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Module Four: Hospital/Shut-In Visitations

When church members/attendees are hospitalized or confined to their home, it is an important time of ministry. During these times of crisis, people are more open spiritually and they need the support, prayer, and ministry that the church and its leadership can offer.

Contact your church office, and let him/her know who is hospitalized. Leave the church office contact with the patient’s name, hospital, and a contact person’s phone number. Although you and your small group will be offering care, your pastors will want to be informed and involved.

As a small group/class leader, you and your small group/class members are primary individuals to minister to those in your small group/class who are hospitalized and/or shut in. You are all uniquely positioned to touch this person and his/her family through your personal ministry and involvement.

People who are hospitalized or homebound are usually weak physically and emotionally. At these times in their lives, they need pastoral ministry. That is, they need someone who can stand between them and God, conveying His love and strength. 

When you visit someone in the hospital or at home, your main goal is to let him or her know that you care and that God cares. If people feel loved and cared for, you've accomplished your major objective.


  • When you learn that someone in your small group/class has a major illness or an unexpected accident, contact them or their family as soon as possible. 

  • As you plan your visit, consider taking another small group/class member with you. Jesus sent His disciples out to minister two by two because this is an effective pattern. 

  • Before you make the visit spend five or ten minutes in prayer. God for any special instructions He has for you as you minister to them. Listen.

  • Do more listening than talking when you visit.

  • Listen for needs beyond the words that people say.

  • Pray with the person before you leave. You can initiate this by saying; “I’d like to pray with you before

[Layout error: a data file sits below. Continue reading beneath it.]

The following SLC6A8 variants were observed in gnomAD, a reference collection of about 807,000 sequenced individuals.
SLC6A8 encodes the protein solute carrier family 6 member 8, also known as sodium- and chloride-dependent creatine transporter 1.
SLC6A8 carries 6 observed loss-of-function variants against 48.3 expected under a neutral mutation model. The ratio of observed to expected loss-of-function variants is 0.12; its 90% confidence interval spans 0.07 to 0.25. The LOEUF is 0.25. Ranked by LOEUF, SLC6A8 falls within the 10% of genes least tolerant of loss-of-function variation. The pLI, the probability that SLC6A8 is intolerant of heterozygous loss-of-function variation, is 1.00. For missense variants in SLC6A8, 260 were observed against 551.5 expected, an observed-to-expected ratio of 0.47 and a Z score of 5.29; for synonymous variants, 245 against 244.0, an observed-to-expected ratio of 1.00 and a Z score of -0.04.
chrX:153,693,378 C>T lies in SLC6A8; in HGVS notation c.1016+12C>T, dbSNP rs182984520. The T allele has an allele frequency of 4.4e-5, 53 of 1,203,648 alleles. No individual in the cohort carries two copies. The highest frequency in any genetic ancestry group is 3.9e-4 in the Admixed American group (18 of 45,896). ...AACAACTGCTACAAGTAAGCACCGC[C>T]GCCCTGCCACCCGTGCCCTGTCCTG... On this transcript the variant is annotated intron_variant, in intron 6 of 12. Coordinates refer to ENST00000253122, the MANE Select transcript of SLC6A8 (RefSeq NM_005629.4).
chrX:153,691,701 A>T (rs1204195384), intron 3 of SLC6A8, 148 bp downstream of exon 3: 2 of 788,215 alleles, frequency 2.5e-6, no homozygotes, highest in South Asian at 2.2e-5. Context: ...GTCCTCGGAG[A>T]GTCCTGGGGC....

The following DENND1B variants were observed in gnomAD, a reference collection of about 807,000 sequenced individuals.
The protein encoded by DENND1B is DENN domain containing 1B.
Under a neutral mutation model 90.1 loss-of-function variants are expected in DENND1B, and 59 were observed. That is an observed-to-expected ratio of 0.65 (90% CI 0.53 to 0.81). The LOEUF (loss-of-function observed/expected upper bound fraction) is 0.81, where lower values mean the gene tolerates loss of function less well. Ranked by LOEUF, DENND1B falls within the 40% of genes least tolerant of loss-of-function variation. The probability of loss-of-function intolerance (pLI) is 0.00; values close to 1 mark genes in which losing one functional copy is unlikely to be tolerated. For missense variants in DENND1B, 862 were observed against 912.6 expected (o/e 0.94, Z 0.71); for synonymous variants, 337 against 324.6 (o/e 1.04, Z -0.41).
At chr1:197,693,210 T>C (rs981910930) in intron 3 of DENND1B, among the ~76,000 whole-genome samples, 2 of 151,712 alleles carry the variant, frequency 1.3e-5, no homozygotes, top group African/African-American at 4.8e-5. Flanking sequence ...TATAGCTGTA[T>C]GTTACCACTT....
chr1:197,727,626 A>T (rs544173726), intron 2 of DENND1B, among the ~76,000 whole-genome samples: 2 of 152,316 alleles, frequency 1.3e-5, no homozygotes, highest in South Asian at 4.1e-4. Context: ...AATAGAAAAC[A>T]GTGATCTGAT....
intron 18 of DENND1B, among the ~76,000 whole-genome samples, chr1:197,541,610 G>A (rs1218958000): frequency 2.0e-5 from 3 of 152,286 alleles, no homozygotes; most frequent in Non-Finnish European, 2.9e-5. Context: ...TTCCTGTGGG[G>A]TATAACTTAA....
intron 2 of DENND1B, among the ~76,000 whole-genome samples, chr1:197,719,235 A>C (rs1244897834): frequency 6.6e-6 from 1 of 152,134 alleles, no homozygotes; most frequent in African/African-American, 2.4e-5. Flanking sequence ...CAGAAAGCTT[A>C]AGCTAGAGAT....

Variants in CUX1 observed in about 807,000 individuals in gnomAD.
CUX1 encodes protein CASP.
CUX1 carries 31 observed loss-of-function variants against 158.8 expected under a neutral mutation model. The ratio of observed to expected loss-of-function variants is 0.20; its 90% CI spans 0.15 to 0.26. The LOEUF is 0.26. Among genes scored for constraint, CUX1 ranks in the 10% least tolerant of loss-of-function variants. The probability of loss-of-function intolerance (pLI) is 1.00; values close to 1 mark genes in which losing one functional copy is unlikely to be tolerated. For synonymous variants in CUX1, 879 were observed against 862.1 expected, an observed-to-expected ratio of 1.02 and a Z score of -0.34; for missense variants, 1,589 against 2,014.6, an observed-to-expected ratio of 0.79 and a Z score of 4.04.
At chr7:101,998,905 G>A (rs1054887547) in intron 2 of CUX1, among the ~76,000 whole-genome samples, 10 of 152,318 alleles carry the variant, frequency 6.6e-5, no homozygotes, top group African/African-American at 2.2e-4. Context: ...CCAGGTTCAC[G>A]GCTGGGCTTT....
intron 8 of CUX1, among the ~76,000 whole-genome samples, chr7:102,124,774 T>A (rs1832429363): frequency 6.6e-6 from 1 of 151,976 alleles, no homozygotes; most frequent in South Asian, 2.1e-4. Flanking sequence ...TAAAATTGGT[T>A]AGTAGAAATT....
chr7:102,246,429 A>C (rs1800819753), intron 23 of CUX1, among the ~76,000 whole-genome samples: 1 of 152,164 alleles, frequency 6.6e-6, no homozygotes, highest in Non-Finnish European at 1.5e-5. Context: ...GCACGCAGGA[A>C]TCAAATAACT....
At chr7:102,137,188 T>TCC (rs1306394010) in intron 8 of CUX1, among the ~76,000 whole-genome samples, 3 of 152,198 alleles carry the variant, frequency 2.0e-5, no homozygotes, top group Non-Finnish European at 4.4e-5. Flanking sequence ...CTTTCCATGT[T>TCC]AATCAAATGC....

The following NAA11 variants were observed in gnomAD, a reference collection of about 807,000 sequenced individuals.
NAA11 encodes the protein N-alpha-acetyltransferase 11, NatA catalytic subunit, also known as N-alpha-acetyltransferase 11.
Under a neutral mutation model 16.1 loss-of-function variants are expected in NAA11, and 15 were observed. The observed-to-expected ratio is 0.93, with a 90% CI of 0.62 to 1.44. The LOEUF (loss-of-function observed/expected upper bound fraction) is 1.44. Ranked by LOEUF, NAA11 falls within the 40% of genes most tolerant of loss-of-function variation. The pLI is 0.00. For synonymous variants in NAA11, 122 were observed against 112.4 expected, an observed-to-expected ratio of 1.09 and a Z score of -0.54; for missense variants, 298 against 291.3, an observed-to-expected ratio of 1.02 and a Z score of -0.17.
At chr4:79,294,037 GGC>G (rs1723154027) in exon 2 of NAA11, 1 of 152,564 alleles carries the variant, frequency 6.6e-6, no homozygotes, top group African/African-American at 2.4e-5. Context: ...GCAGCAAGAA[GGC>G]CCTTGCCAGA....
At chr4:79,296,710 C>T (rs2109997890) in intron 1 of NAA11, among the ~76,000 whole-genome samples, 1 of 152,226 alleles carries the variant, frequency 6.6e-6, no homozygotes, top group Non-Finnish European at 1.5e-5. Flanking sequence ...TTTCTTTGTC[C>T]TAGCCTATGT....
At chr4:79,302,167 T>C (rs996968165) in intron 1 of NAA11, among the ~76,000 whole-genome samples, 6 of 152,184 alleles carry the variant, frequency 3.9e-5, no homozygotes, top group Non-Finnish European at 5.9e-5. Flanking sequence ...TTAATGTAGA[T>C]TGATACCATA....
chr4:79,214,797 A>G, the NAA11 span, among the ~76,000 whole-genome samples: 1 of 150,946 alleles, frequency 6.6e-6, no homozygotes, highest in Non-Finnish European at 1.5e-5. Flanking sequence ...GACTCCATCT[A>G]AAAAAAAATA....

I go." 



  • Do not thoughtlessly share stories about your own illnesses or experiences of those close to you.

  • Do not say or imply that someone is sick because of his or her lack of faith.

  • Do not feel pressured to read Scripture. Share a verse or passage if it seems appropriate, but do not
    force it.

  • Do not stay too long. Ten to 15 minutes should serve as an average.

  • Do not go in a room if the door is closed. When this is the case, ask at the nurses' station to see if it is okay
    to enter.

  • Do not violate hospital policies, such as visiting hours.


  1. Someone is having surgery: 

    • Visit them earlier in the day or the evening before. In this way you will not be interrupted by or interfere with preparations for surgery.

    • Possibly read Psalms 121 to him/her. It recalls that God who watches over them "will not slumber nor sleep" (verse 4), and that "The Lord will watch over your coming and going both now and forevermore" (verse 9).

  2. Someone has a baby: 

    • Do not visit the family immediately! Give them a night to rest before your visit.

    • Pray for this new life inviting the Holy Spirit to be active in preparing this child to receive Christ and to serve Him.

    • Invite God's blessing on the entire family and home.

  3. Someone is dying: 

    • Call your church ministry leader or Pastor Jim Hakes, 619.672.1290, immediately. Pastors want to be involved in ministry to the person and his or her family at this time.

    • Listen and care for people, resisting the temptation to argue with the feelings of denial and anger, which are natural phases of the grief process. Sit with people. Just be there. It's not what you say, but the fact that you were there that communicates concern at times like this.

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